He got his big break from George Cukor, who cast him in Les Girls (1957) with Gene Kelly, playing the posh Brit fiance of one of the dancers that Kelly seduces. (Notoriously, Cukor said to the fresh-faced young Phillips on his first day on set: “Are you any good? You’re fuckin’ cheap.” Then, as now, Brit actors were well-regarded for their professionalism and the fact that their fees were lower than those demanded by home-grown Americans.) Phillips had a big scene punching Kelly on the nose, but the movie led to a big career back in Blighty, rather than in Hollywood.

Colonial type … on the set of Empire of the Sun with co-star Christian Bale and director Steven Spielberg.
Colonial type … on the set of Empire of the Sun with co-star Christian Bale and director Steven Spielberg. Photograph: Alamy

In the 70s, Phillips continued with the raffish comedy, but shrewdly distanced himself from the Carry Ons, seeing how typecast and marooned their chief players were. He was a farcical seducer in Don’t Just Lie There, Say Something! in 1973, playing opposite Joanna Lumley in her underwear – but Lumley rose above bimbo status in dialogue scenes with Phillips. There was also the groan-worthy sex comedy Not Now, Darling in 1972, and – most grimly of all – the awful Spanish Fly in 1975, in which Phillips could see his co-star Terry-Thomas succumbing to illness.

In the 80s, the industrious and professional Phillips kept working in television and theatre, moving away from the ladykiller roles and into character work, and was in demand as an authentic Brit of the upper-class and expatriate colonial sort: playing Sir Joseph Byrne in Sydney Pollack’s Out of Africa (1985) and Mr Maxton in Steven Spielberg’s Empire of the Sun (1987).

But one of his best roles of that time returned him to the seedy-sexy persona. He was the disreputable Lord Astor in Michael Caton-Jones’s Scandal (1989), about the Profumo affair, playing opposite Ian McKellen as Profumo, John Hurt as Stephen Ward, and Joanne Whalley as Christine Keeler. His Astor is prevailed upon to pay Mandy Rice-Davies’s rent, thus placating her furious landlady, who had caught her trying to run out without paying. Astor clearly expects sex in exchange for paying up. “She’d better be worth it,” he mutters sullenly, and his cynicism and ennui is very well conveyed.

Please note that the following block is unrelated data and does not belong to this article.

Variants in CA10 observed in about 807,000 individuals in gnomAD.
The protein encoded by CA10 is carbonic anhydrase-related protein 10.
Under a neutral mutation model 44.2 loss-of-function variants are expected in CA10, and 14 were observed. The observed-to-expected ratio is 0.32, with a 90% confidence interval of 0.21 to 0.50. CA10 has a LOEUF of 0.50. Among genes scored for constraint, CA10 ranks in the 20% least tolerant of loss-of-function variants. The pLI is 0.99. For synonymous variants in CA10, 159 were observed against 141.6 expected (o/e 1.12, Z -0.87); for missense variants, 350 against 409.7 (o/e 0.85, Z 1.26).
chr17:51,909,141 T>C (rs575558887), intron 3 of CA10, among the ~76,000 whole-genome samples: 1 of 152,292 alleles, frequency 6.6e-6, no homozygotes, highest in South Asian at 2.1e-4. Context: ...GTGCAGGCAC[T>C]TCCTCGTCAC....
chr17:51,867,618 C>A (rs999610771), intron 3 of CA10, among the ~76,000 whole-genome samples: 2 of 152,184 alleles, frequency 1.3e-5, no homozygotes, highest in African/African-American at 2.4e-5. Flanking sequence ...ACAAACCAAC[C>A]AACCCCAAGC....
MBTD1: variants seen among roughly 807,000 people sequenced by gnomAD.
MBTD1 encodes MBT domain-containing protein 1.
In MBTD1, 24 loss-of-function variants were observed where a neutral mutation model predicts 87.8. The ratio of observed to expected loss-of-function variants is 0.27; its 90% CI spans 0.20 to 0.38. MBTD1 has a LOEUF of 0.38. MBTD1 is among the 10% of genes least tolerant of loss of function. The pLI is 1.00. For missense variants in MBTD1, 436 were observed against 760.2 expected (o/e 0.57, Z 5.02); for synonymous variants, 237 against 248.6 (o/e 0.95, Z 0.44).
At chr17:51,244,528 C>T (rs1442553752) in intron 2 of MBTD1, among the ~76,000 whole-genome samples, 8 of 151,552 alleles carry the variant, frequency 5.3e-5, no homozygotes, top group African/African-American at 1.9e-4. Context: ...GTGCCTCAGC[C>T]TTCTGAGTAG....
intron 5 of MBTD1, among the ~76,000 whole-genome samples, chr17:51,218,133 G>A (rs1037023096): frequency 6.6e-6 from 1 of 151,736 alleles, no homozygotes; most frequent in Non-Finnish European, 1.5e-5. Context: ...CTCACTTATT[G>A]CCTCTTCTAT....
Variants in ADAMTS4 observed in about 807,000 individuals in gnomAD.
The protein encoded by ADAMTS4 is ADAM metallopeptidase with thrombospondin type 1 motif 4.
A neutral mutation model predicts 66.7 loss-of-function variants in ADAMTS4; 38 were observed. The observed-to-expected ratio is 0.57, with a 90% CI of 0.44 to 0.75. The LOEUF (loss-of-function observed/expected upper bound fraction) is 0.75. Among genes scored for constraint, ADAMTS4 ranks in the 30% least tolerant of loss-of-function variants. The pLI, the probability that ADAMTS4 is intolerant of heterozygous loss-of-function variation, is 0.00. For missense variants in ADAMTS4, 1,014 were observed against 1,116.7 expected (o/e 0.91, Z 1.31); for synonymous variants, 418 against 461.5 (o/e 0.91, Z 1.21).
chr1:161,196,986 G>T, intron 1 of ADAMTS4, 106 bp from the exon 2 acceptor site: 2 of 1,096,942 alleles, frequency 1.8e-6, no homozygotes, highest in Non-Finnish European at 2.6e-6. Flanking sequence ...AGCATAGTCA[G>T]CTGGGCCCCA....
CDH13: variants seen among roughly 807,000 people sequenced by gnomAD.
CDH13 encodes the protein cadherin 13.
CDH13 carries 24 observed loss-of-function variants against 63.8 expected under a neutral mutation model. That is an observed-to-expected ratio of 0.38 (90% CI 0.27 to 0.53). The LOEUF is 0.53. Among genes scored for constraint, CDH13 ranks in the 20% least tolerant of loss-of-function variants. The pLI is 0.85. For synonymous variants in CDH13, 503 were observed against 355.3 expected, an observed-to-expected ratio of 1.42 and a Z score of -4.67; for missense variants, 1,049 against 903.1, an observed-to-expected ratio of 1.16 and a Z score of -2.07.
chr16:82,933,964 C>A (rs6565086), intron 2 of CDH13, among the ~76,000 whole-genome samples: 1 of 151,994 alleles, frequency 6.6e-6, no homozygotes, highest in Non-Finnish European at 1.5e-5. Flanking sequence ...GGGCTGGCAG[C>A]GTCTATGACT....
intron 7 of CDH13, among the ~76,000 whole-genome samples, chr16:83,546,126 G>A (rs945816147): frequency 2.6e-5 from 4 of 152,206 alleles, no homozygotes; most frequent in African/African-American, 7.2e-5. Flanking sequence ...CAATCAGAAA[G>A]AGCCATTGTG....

Phillips with Peter O’Toole in Venus.
Bafta-nominated … Phillips with Peter O’Toole in Venus. Photograph: Sportsphoto/Allstar/Miramax

In the 90s, as Phillips entered into his national treasure birthright, the ladmag raunchiness of the age meant that Phillips’s naughty-but-nice seducer roles of 30 years before were always being affectionately celebrated. He announced that he had become irritated with people in the streets always asking him to say “Hello” and “Ding dong”, but accepted his pop-culture status with good grace. In 2006, he received a Bafta nomination as best supporting actor for his role as one of Peter O’Toole’s old actor mates in the drama Venus. He became a much-loved icon, working and staying in the public eye until almost the end.

One tiny footnote: in 1994, I worked with Phillips. It was in the BBC Radio comedy series The Skivers, with Tim De Jongh, Nick Golson, Mel Giedroyc and me. Leslie was the special guest in one episode, in which we asked him – of course – to send up his silly “hello” persona. This he did with a tolerant smile, calling us “daft”.